- Know the tides. While you can catch crabs on any tide, I have more success on incoming tides (when the water level is rising). This makes sense since the water is pushing food closer to shore, which the crabs follow.
Now that you’re an expert you need to find a beach. Dungeness crab typically reside in sandy environments, but keep in mind there has to be a food source nearby as well – think a rocky area that leads to a sandy environment, or anywhere that’ll collect nutrients in the ocean.
Once at your beach, load up your snare with bait and pack it as tightly as you can. Walk up to the shore and wade as far into the water as you’re comfortable. Cast the snare out into the waves ahead of you – keep in mind that if crabs are around you don’t need a huge cast, but you want to get your snare beyond the first set of breakers so the waves don’t move it around too much.
After casting, open the bail and go back up the beach. Once you’re in position, close the bail and reel in the line slack. If your snare has enough weight and the waves aren’t too big, you won’t feel the snare moving much. If your line goes slack or the current pulls too much, you’ll either need more weight on the snare or it needs to be re-cast further.
If you’re content with your snare position, wait between five and ten minutes to reel in your catch. With a snare, you’ll need to “set the hook” to get a good grip on the crab’s legs. Start moving towards the water with the rod tip pointed down, reeling up the slack as you go (just be careful not to pull the snare). Once you’re near the edge of the water, pull back in a sharp, fluid motion so the snare gets pulled quickly – this closes the loops around the unsuspecting crabs’ leg. Start reeling immediately and consistently. You can’t let the line go slack for a second, or else the crab will be released. If the reeling is getting too difficult, start walking backwards up the beach. This keeps the line tight while you struggle to keep reeling.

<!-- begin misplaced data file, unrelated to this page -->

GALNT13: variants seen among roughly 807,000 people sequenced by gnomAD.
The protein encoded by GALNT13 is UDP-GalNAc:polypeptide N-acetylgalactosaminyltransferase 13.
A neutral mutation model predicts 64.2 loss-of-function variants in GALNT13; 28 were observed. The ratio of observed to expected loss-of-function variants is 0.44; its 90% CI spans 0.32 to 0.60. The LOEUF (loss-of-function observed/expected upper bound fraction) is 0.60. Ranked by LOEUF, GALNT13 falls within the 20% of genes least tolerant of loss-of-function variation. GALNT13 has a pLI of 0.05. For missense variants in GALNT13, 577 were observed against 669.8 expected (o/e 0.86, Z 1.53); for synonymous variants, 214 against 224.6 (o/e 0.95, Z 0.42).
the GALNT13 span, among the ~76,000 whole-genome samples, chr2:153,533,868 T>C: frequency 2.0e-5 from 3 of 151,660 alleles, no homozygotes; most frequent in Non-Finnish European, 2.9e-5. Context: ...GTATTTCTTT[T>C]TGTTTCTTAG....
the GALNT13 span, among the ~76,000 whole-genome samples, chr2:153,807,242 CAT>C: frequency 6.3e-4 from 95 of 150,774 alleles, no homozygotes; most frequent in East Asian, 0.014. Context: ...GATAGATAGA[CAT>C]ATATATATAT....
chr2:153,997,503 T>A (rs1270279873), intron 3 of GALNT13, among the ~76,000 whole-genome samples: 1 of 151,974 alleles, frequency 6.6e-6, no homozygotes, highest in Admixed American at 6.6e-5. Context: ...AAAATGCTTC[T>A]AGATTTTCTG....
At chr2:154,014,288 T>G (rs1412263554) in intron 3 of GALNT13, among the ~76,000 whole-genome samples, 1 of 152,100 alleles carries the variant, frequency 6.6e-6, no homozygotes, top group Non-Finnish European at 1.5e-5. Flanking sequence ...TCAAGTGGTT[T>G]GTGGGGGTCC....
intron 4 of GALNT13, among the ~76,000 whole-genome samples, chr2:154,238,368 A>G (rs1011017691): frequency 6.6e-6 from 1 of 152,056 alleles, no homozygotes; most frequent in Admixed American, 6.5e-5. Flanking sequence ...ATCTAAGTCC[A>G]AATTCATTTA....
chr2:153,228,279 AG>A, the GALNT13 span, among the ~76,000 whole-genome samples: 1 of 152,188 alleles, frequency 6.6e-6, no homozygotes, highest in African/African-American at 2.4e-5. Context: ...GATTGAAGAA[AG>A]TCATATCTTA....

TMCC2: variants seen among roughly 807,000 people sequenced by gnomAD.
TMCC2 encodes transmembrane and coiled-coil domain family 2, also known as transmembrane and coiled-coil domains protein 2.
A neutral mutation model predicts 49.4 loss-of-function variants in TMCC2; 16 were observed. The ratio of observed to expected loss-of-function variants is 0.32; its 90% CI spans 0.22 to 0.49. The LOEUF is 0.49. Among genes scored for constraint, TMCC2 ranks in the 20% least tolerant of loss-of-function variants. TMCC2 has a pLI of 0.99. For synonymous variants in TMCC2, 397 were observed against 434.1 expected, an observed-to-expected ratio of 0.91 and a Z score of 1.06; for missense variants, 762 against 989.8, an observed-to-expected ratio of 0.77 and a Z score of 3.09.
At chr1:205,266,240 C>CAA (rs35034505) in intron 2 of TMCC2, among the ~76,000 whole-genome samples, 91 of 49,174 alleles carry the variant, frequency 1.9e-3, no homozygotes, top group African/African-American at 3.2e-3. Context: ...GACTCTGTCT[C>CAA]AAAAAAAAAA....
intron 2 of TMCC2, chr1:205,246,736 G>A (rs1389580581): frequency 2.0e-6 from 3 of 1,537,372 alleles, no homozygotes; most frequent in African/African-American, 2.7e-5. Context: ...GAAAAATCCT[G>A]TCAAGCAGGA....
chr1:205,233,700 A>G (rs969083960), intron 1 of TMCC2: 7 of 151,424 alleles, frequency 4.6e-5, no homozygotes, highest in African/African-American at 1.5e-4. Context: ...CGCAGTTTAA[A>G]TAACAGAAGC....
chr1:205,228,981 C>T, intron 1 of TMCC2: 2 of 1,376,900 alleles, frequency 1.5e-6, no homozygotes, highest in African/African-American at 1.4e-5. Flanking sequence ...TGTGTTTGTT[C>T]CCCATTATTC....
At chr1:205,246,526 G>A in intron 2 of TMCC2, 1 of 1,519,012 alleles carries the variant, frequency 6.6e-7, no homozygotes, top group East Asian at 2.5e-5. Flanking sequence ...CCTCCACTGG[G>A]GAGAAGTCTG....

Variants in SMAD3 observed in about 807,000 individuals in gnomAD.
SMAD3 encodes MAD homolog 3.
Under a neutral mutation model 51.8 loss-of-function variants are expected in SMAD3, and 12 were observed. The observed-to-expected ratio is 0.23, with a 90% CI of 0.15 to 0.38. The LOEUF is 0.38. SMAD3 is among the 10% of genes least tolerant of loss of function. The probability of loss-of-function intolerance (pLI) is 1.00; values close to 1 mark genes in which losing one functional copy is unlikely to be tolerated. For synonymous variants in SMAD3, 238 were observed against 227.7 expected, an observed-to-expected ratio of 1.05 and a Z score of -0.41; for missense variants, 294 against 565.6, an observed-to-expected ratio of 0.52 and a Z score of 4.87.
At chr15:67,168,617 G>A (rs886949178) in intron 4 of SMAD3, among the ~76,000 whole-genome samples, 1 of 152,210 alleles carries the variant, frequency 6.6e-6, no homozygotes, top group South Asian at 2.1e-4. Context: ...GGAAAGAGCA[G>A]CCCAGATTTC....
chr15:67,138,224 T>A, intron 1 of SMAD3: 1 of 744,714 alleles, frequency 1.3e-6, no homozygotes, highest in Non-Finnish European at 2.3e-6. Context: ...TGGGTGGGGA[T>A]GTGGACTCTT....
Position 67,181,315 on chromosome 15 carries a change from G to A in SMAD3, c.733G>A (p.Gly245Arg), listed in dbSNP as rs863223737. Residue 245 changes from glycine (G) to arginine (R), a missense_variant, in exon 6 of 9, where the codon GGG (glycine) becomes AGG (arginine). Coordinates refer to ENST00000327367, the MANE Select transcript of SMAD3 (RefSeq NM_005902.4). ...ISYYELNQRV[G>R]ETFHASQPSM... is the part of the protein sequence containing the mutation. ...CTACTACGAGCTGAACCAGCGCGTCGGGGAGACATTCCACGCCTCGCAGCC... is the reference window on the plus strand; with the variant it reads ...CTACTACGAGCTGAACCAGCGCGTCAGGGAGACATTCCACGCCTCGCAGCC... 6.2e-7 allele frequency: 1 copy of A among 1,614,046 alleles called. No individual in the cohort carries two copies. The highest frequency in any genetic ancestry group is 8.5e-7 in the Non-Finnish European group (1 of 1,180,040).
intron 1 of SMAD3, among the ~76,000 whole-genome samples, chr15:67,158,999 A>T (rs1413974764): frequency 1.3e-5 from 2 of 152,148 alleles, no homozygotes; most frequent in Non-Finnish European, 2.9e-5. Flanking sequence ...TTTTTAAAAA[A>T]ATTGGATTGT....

You’ll know you have a crab if reeling is much more difficult than reeling in the snare alone. If it feels empty, stop reeling immediately and just let the snare drop back down to the bottom. Otherwise, keep going until the crab is safely on the beach. Measure it before going too far, so you can easily release it. If it’s 5-3/4 inches or larger, congratulations! Fill your bucket with some fresh seawater and put the crab in there. The crabs will use up all the oxygen in the water quickly, so try to change the water every 30 minutes to an hour (depending on how many crabs you have).
Finally you’re left with the fun task of hauling a bucket of crabs and your equipment back up the beach. This after you’ve worked your arms off reeling them in from the ocean. But nobody said getting the freshest crab possible was easy!